There’s No Such Thing As ‘Traditional’ Marriage

There is no such thing as “traditional” marriage — there is the idea and practice of marriage, but one cannot claim a specific trait to define for everyone the uniting of two people together under the law.

Think of it this way — Christmas. Many families hold traditions surrounding Christmas, but traditions vary from family to family — from country to country — from being Christian and celebrating the birth of Christ, to being secular and expecting Santa Claus to come down the chimney. There is no solid, definitive Christmas “tradition” to adhere to — it is all in the eye of the beholder, or those practicing their individual family traditions. And everyone has the freedom to do so.

The literal definition of “tradition” is:

“The transmission of customs or beliefs from generation to generation, or the fact of being passed on in this way.”

So, to put it simply, if it is the “tradition” in your specific family or church or religion to marry a person of the opposite gender, then that is your specific tradition. It is not the broad definition of marriage for an entire civilization. It is a hugely myopic generalization to believe that your specific tradition is the way everyone should live and function within a civilized and secular society. A society of many traditions, religions, and ways of life that, essentially — don’t match up on many levels. Why is the “definition of marriage” any different? It’s not.

The idea of “one man and one woman” is a specific tradition for one subset of human beings that are part of the whole, but do not define that whole. Those who believe this way, in a free society, as the United States is, are allowed to marry under these standards of living. However, not everyone falls under these same “standards” and thus cannot be required to comply with such individualistic rules.

The United States is a beautiful nation with an abundance of traditions that have shaped our society and made us as wonderful and complex as we are. So, when people say things like, “you are trying to change the definition of marriage” — what is the definition to begin with? Societal “norms” are not a living truth for all.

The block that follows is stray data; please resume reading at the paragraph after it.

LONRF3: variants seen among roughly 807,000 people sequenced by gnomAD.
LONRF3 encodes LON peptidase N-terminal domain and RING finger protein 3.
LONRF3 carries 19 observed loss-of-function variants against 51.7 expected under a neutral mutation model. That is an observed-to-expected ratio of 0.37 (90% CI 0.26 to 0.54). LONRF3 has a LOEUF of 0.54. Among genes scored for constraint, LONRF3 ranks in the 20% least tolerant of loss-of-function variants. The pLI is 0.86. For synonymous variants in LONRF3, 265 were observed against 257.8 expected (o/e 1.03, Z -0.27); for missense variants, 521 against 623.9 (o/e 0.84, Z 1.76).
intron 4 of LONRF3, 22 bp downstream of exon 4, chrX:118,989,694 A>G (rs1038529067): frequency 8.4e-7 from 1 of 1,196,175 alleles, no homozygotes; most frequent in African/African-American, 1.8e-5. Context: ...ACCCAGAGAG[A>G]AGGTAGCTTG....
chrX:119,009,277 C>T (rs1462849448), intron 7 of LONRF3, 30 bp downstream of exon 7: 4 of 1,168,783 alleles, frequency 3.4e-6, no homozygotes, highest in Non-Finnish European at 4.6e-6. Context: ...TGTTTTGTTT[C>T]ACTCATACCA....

What it comes down to is this — marriage is a state contract. It can be a religious ceremony to those who choose to believe it is, but it is a contract given by the state uniting two people as one singular unit. (“By the power invested in me by the state of ______, I pronounce you… “) Those who conduct marriage ceremonies don’t say, “by the power invested in me by the church of ____” — it is a state contract. And under the 14th Amendment of the United States Constitution:

No state shall make or enforce any law which shall abridge the privileges or immunities of citizens of the United States; nor shall any state deprive any person of life, liberty, or property, without due process of law; nor deny to any person within its jurisdiction the equal protection of the laws.

There are 1,138 benefits, rights, and protections provided on the basis of marital status in Federal Law.

If those rights and protections are not granted to all citizens, including LGBT citizens, they are having their 14th Amendment rights violated because they are directly being denied equal protection under the law.

There is no such thing as “traditional marriage” — individual traditions are just that, individual, and are not a definition for all of a society that prides itself on equality under the law.

At the end of the day, marriage is a union of two people in love, and it’s really just as simple as that. Everyone has the right to this union, regardless of tradition.

Featured image via Wikimedia Commons/photoshop